Fashion designer Mossimo Giannulli’s wife, actress Lori Loughlin, who has also pleaded guilty to fraud conspiracy, is scheduled to be sentenced Friday afternoon before the same federal judge.
Fashion designer Mossimo Giannulli was sentenced Friday to five months in federal prison for fraud conspiracy in one of the most closely watched cases in the college admissions bribery scandal.
His wife, actress Lori Loughlin, who has also pleaded guilty to fraud conspiracy, is scheduled to be sentenced Friday afternoon before the same federal judge. The couple admitted in May to paying $500,000 to help their two daughters secure admission to the University of Southern California through the ruse of posing as recruits to the USC crew team, even though the daughters were not rowers.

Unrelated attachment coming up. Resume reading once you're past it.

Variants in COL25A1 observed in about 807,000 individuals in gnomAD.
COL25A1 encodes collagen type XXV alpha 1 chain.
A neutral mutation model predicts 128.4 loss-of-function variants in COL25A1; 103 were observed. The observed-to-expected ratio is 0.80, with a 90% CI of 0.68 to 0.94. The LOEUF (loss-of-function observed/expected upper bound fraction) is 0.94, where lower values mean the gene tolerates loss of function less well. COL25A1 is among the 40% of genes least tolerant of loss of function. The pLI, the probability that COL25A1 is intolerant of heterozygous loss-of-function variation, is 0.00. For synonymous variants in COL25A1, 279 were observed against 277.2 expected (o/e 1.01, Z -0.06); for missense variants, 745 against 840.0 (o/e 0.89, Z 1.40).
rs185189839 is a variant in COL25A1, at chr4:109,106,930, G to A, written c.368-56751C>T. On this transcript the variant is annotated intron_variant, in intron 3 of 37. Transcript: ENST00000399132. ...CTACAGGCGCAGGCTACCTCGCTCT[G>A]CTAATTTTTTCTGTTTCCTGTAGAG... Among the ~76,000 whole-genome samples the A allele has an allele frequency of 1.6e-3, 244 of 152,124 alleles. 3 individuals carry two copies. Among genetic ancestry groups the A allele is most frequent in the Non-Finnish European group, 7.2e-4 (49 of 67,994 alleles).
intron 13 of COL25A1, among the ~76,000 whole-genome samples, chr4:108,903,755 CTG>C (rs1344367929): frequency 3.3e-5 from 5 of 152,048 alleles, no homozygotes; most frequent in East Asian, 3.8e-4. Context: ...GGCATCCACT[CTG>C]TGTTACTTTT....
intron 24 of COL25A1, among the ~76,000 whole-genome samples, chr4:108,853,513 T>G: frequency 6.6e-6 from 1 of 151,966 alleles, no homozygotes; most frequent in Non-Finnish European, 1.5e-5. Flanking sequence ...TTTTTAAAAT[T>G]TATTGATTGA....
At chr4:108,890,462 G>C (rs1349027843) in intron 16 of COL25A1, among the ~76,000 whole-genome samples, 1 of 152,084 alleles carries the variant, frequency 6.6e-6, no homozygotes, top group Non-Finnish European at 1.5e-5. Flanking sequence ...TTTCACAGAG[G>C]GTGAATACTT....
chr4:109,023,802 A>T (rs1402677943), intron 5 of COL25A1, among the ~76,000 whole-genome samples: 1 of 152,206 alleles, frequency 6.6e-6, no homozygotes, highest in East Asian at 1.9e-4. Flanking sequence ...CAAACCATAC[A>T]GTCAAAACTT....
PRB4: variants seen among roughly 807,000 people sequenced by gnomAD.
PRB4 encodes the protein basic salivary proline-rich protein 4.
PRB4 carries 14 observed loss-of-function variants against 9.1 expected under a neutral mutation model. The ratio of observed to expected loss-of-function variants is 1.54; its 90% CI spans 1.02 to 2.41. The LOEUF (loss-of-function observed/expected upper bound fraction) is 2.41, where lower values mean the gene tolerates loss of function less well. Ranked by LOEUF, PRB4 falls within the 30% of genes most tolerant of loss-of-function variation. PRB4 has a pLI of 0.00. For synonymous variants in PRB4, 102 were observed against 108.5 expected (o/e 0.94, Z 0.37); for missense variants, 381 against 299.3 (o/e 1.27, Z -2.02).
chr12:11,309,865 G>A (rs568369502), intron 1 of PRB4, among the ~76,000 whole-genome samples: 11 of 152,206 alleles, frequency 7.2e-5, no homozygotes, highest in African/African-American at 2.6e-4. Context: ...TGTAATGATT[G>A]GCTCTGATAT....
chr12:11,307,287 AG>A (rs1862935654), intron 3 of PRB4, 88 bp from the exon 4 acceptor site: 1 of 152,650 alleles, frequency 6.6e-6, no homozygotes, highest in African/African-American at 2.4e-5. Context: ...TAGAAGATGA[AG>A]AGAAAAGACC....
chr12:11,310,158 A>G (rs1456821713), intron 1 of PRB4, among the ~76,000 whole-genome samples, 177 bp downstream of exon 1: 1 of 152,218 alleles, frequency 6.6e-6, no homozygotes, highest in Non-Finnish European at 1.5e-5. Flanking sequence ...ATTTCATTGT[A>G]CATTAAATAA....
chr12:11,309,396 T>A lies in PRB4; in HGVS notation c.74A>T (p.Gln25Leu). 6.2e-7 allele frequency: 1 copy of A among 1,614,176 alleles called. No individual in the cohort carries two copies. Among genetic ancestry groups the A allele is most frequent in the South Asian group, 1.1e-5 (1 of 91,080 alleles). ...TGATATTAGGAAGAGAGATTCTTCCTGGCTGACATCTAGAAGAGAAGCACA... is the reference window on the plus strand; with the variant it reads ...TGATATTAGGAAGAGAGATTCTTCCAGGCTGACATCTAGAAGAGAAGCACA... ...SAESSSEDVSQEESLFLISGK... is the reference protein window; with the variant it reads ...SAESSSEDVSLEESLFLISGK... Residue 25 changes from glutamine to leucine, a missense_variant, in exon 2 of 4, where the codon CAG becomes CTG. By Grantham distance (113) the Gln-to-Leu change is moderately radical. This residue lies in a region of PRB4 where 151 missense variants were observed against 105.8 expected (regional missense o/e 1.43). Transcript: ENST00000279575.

Loughlin and Giannulli are among the best-known parents caught in the investigation known as Operation Varsity Blues. In March 2019, federal prosecutors announced charges against them and others in connection with a corrupt college admissions counselor named William “Rick” Singer. He has pleaded guilty to racketeering conspiracy and other crimes and is cooperating in the investigation.
US District Judge Nathaniel M Gorton, whose chambers are in a Boston courthouse, held the sentencing hearing through a Zoom videoconference because of the coronavirus pandemic. Gorton ordered Giannulli to surrender to prison authorities in November. The judge also sentenced him to two years of supervised release, a $250,000 fine and 250 hours of community service under an agreement that Giannulli negotiated with prosecutors.
Gorton castigated Giannulli for what he called a “breathtaking fraud.” He added: “You are an informed, smart, successful businessman. You certainly did know better. … You have no excuse for your crime, and that makes it all the more blameworthy.”
Giannulli, 57, of Los Angeles, said he deeply regretted the harm his actions had caused his family. “I take full responsibility,” he said.
He was the 21st parent to be sentenced in the scandal, according to the office of the US attorney for Massachusetts. In all, 55 people have been charged.